Abdominal BloatingAbdominal bloating is a condition in which the abdomen feels uncomfortably full and tight and may be visibly swollen (distended). Bloating is...
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Abdominal bloating is a condition in which the abdomen feels uncomfortably full and tight and may be visibly swollen (distended). Bloating is a common complaint, affecting between 10 and 30 percent of adults (Thiwan).
According to Dr. Syed Thiwan of the University of North Carolina, abdominal bloating can interfere with a person’s ability to work and participate in social or recreational activities. When compared with people who do not have abdominal bloating, sufferers use more sick days, visit the doctor more often, and take more medications (Thiwan).
The symptoms of bloating can be vague and difficult to pinpoint, but most people describe an uncomfortable feeling of fullness, tightness, or swelling in the abdomen. This can be accompanied by pain, excessive gas (flatulence), frequent burping or belching, and abdominal rumbling.
The most common causes of abdominal bloating are:
- swallowing air
- irritable bowel syndrome
- intolerance to dairy products
- eating too fast
- weight gain
- overgrowth of bacteria in the small bowel
- giardiasis (intestinal parasites)
- anatomical or structural abnormalities of the gastrointestinal tract
- some medications
- sugar substitutes (fructose and sorbitol)
Abdominal bloating can also be a symptom of several serious conditions, including:
- fluid in the abdominal cavity (ascites) as a result of cancer, liver disease, kidney failure, congestive heart failure, and other disorders
- celiac disease (wheat gluten intolerance)
- ovarian cancer
- pancreatic insufficiency (impaired digestion because the pancreas cannot produce enough digestive enzymes)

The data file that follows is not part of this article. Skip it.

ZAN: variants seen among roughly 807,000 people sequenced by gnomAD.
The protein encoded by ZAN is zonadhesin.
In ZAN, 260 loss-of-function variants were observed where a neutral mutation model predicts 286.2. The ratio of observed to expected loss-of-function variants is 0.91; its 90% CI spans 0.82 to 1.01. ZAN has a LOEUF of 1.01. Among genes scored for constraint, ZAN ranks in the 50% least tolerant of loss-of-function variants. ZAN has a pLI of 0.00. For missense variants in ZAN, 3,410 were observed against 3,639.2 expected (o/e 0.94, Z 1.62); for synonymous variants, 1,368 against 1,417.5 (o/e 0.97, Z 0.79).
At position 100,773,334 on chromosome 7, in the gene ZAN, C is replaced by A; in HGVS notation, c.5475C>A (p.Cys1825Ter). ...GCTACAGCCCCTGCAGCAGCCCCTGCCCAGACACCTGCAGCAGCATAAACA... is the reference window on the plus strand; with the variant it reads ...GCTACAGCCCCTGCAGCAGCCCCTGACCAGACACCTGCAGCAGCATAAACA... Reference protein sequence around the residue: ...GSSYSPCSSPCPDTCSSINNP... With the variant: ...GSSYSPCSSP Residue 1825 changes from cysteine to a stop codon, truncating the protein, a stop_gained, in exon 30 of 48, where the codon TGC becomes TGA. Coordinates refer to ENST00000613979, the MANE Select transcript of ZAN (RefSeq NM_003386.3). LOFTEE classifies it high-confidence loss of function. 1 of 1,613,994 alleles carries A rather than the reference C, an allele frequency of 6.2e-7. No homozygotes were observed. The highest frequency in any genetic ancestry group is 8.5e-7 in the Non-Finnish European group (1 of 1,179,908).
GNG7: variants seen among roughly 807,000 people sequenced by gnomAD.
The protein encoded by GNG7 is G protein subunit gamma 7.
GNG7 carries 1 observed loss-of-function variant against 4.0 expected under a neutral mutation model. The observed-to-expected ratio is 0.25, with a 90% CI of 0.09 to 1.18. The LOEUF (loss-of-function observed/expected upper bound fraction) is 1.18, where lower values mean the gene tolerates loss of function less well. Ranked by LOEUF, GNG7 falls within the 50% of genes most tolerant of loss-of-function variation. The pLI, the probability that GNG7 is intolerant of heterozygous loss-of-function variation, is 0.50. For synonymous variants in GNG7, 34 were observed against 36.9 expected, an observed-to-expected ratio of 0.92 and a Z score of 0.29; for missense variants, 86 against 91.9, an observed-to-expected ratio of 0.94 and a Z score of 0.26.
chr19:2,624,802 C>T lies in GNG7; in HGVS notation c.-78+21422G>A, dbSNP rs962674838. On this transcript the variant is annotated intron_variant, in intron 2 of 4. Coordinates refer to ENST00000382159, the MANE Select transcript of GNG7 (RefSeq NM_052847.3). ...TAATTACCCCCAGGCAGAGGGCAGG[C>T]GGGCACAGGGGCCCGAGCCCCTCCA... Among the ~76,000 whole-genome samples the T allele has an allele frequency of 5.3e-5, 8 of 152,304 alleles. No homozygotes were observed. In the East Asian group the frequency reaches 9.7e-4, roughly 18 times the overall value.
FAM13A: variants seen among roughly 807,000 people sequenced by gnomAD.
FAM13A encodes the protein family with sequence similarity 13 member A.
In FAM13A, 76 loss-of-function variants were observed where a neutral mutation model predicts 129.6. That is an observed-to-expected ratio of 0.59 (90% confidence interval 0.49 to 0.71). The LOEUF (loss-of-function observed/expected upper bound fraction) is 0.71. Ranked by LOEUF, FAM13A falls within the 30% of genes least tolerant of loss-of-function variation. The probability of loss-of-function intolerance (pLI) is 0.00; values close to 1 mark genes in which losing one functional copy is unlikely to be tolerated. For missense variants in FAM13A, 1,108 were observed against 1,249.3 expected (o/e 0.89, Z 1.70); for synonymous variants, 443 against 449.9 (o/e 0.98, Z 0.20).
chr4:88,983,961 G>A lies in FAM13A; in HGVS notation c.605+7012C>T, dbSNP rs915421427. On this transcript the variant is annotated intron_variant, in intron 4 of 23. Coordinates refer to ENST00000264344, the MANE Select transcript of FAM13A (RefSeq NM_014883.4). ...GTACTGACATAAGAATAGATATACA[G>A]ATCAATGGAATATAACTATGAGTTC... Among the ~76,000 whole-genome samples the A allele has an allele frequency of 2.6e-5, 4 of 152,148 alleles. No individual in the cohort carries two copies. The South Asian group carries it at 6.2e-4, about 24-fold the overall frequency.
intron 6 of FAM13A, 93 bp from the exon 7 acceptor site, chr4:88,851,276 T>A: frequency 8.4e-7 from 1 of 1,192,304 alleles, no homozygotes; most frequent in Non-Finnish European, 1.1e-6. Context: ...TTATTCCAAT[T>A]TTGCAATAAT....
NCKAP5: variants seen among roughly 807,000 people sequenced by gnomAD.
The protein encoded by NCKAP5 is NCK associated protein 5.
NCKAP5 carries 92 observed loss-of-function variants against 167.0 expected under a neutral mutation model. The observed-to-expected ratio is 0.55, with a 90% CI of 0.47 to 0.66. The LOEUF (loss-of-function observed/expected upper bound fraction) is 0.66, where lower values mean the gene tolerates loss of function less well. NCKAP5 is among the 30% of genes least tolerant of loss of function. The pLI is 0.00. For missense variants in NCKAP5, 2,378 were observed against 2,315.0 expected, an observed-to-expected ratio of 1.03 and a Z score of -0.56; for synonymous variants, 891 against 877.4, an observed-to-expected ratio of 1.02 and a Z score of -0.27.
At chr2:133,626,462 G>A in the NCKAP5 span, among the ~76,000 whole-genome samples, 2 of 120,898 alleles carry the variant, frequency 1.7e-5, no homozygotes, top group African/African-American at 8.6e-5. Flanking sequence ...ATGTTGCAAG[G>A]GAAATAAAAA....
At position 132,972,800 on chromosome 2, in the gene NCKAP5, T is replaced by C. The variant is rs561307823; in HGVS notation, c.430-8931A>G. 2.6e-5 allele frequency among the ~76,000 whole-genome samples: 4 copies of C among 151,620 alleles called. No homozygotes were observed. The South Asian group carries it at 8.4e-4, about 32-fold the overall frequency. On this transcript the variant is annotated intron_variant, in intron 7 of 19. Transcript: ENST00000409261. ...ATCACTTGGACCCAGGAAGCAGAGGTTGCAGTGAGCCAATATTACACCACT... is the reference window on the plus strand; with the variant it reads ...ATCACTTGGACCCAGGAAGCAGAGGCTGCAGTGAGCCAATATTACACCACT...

In many cases, the symptoms of abdominal bloating can be diminished or even prevented by adopting a few simple lifestyle changes.
- Don’t chew gum. Chewing gum can cause you to swallow extra air, which in turn can lead to bloating.
- Limit your intake of carbonated drinks.
- Avoid “gassy” foods, such vegetables in the cabbage family, dried beans, and lentils.
- Eat slowly.
- Avoid drinking through a straw.
- Lose weight if you are overweight.
- Use lactose-free dairy products.
Consult your doctor if bloating is accompanied by any of the following:
- abdominal pain
- blood in the stools or dark, tarry looking stools
- worsening heartburn
- unexplained weight loss
Edited by: Elijah Wolfson
Medically Reviewed by: George Krucik, MD
Last Updated: Feb 24, 2014
Published By: Healthline Networks, Inc.
- Abdominal Bloating. (n.d.). MedlinePlus. Retrieved on July 19, 2012 from http://www.nlm.nih.gov/medlineplus/ency/article/003123.htm
- Abdominal Bloating. (n.d.). PubMed Health. Retrieved on July 19, 2012 from http://www.ncbi.nlm.nih.gov/pubmedhealth/PMH0003610/
- Bloating, Belching and Intestinal Gas: How to Avoid Them. (n.d.). Mayo Clinic. Retrieved on July 19, 2012 from http://www.mayoclinic.com/health/gas-and-gas-pains/DG00014/
- Thiwan S. (n.d.). Abdominal Bloating: A Mysterious Symptom. University of North Carolina Center for Functional GI & Motility Disorders. Retrieved on July 19, 2012 from http://www.med.unc.edu/ibs/files/educational-gi-handouts/Abdominal%20Bloating.pdf